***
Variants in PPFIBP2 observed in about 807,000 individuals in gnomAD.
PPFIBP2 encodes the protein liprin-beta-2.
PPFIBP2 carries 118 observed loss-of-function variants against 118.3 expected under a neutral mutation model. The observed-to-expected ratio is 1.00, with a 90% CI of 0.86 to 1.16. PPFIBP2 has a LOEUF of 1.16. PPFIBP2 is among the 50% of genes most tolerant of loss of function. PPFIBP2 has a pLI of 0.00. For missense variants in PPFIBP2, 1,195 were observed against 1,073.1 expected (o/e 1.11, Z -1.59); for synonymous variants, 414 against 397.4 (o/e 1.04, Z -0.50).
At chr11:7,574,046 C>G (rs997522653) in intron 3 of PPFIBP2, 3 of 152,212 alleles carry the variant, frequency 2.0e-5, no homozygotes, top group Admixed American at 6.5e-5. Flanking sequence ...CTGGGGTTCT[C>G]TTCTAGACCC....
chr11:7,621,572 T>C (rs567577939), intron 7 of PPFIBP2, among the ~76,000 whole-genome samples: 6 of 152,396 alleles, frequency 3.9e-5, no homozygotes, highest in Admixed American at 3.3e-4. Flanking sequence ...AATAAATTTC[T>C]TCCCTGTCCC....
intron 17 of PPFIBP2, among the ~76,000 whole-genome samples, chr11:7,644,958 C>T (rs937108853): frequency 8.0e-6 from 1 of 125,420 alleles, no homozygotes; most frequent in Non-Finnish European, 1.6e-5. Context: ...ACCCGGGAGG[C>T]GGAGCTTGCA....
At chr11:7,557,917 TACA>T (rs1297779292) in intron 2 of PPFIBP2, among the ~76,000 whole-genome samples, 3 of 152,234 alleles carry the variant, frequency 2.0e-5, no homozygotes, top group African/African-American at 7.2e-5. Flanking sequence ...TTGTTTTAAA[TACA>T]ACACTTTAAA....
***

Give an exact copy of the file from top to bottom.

Variants in PPFIBP2 observed in about 807,000 individuals in gnomAD.
PPFIBP2 encodes the protein liprin-beta-2.
PPFIBP2 carries 118 observed loss-of-function variants against 118.3 expected under a neutral mutation model. The observed-to-expected ratio is 1.00, with a 90% CI of 0.86 to 1.16. PPFIBP2 has a LOEUF of 1.16. PPFIBP2 is among the 50% of genes most tolerant of loss of function. PPFIBP2 has a pLI of 0.00. For missense variants in PPFIBP2, 1,195 were observed against 1,073.1 expected (o/e 1.11, Z -1.59); for synonymous variants, 414 against 397.4 (o/e 1.04, Z -0.50).
At chr11:7,574,046 C>G (rs997522653) in intron 3 of PPFIBP2, 3 of 152,212 alleles carry the variant, frequency 2.0e-5, no homozygotes, top group Admixed American at 6.5e-5. Flanking sequence ...CTGGGGTTCT[C>G]TTCTAGACCC....
chr11:7,621,572 T>C (rs567577939), intron 7 of PPFIBP2, among the ~76,000 whole-genome samples: 6 of 152,396 alleles, frequency 3.9e-5, no homozygotes, highest in Admixed American at 3.3e-4. Flanking sequence ...AATAAATTTC[T>C]TCCCTGTCCC....
intron 17 of PPFIBP2, among the ~76,000 whole-genome samples, chr11:7,644,958 C>T (rs937108853): frequency 8.0e-6 from 1 of 125,420 alleles, no homozygotes; most frequent in Non-Finnish European, 1.6e-5. Context: ...ACCCGGGAGG[C>T]GGAGCTTGCA....
At chr11:7,557,917 TACA>T (rs1297779292) in intron 2 of PPFIBP2, among the ~76,000 whole-genome samples, 3 of 152,234 alleles carry the variant, frequency 2.0e-5, no homozygotes, top group African/African-American at 7.2e-5. Flanking sequence ...TTGTTTTAAA[TACA>T]ACACTTTAAA....